FIFA U-17 World Cup: Hope the juniors can provide some spark

Whether Delhi’s Jawaharlal Nehru Stadium will be packed with spectators for the matches remains to be seen.

 |  Gloves Off  |  4-minute read |   01-10-2017
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There is huge hope and hype over India hosting the FIFA under-17 World Cup from next week at home. From Kochi to Goa and Kolkata to Mumbai, you can expect big crowds to show up. But to imagine New Delhi’s famous Nehru Stadium witness packed stands is asking for too much.

This is festive time at home. Saturday was Dussehra and from here till Deepavali, there will be crowds all over in peak shopping season. In a way, this is a good time to host the junior World Cup.

Yet, to imagine the latest extravaganza will bring good news to Indian football on a large scale remains to be seen. There are two schools of thought on India hosting big-ticket international sporting events.

Seven years ago, almost at the same time, New Delhi hosted the Commonwealth Games. Though India did well in it, it’s remembered more for its scams and scandals. When the ticket selling system went for a toss in the CWG, there was a furore at home. And when the CWG organising committee doled out free tickets, there was massive outrage.

To be sure, ticket sales for the FIFA World Cup in centres outside Delhi have been good. This is on expected lines. Yet, to think that the Capital’s Nehru Stadium will be packed to the rafters sounds unrealistic.

India begins its campaign against USA on October 6. This is a big match for the hosts and could well define what happens in the tournament. In events like these, there are no easy groups. So, for India to match Ghana and Colombia could be asking for too much.

Quite often, there are debates whether India should host big sports events at home. As far as football goes, our standard, even in Asia, is very low. Yet, there is hype. We have soccer leagues and the less said about it the better.

From the government side, the expenditure on the FIFA under- 17 World Cup is budgeted at close to Rs 130 crore. State governments have also loosened their purse strings so that venues can be refurbished. Kolkata’s Salt Lake Stadium has apparently spent Rs 100 crore on renovation, with maximum funds coming from the state.

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Considering the state of the economy in Bengal and their love for football, nobody minds the splurge. This is a state, just like Kerala, where football is a big craze. Obviously, they will line up to see the foreign teams as India will be playing all their matches in New Delhi.

Why India has to play all matches in the Capital, without doubt, the lousiest sporting city in the country, is baffling. How the boys soak in the pressure will be interesting to watch. From the government funding, almost Rs 30 crores have been spent on the team in the last three years.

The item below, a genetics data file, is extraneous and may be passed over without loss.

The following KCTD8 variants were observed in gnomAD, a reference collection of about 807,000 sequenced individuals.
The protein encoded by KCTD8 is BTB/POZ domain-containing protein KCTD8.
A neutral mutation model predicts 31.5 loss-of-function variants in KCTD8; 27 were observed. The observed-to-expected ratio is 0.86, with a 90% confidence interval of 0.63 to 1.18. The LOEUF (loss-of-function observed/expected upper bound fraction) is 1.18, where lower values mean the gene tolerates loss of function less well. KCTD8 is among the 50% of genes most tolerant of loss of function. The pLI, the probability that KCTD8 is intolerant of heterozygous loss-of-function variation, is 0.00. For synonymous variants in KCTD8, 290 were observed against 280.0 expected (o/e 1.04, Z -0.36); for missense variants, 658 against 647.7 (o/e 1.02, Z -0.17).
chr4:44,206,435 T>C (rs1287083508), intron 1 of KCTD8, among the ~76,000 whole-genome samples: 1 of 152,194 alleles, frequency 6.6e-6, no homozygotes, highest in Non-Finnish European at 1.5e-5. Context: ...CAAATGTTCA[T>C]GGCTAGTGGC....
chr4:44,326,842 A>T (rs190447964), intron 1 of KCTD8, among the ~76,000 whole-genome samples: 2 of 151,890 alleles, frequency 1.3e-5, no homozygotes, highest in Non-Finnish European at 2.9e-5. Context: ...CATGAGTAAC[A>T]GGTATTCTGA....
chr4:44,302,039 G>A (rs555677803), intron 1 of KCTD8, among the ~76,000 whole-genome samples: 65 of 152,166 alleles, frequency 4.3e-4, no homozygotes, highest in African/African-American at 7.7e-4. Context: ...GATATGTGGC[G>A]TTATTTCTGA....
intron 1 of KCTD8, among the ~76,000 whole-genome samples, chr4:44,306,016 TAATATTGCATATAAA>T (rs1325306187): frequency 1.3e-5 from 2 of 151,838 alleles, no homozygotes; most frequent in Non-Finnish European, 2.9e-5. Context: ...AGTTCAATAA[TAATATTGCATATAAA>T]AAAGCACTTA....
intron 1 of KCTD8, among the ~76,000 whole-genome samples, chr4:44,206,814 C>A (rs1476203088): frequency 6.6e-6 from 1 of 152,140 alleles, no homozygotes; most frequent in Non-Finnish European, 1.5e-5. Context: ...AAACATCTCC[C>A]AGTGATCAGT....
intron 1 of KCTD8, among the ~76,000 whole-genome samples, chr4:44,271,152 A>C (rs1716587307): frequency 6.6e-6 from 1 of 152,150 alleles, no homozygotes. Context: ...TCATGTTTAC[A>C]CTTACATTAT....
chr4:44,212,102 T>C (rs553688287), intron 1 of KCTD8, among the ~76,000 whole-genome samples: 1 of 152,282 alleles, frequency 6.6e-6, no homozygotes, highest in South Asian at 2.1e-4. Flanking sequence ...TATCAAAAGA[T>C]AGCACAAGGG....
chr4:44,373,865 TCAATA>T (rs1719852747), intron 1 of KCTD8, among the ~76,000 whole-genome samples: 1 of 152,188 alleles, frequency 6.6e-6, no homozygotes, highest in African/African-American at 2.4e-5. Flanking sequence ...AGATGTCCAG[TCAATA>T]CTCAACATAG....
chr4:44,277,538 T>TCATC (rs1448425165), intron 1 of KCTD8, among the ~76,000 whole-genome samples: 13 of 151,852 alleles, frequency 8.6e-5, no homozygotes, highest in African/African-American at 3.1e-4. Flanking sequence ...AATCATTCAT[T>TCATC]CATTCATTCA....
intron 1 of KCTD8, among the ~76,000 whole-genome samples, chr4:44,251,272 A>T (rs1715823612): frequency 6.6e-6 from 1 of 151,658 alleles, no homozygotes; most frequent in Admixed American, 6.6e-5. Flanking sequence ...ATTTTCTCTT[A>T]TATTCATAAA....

The joke is, the juniors have thick and fat passports as they have travelled so frequently abroad. They need to show mettle and hope that it’s worth blowing all this money on them and infrastructure.

The point is nobody really cares much about an under-17 FIFA World Cup abroad. If you think this event will work like magic on Indian football, you have to be a big optimist. Sport and pessimism do not go together, so if India can win even one point from three league matches, it could be seen as a plus.

Will the event provide an impetus to Indian football needs to be seen. Certainly, more footballs are being sold and even at the entry level in colleges of Delhi University, football trial turnouts have shown more numbers in attendance.

More quantity does not necessarily mean better quality. As a nation which likes to watch sports on television, football’s popularity is big. If you ask today’s teenage football fans name of superstars who rock leagues in Europe, names will come in a pronto. Ask the same football lovers names of six Indians who will play for India in the under-17 World Cup, you could draw a blank!

European football league and other leagues shown on cable and dish at home have fan following because of the quality of contest and the way it’s marketed. In India, many sports are being marketed aggressively. It includes football and even basketball. Yet, this has not resulted in improving the standard of our own football and basketball.

Viewed positively, India hosting the FIFA under-17 World Cup is seen as a big positive. Well, that’s purely from the organisational perspective. The focus is now on the Indian team. Should they fail to impress, we can expect stories on how so much tax-payers’ money was wasted.

 (Courtesy of Mail Today.)

 

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S Kannan S Kannan @kannandelhi

Sports columnist.

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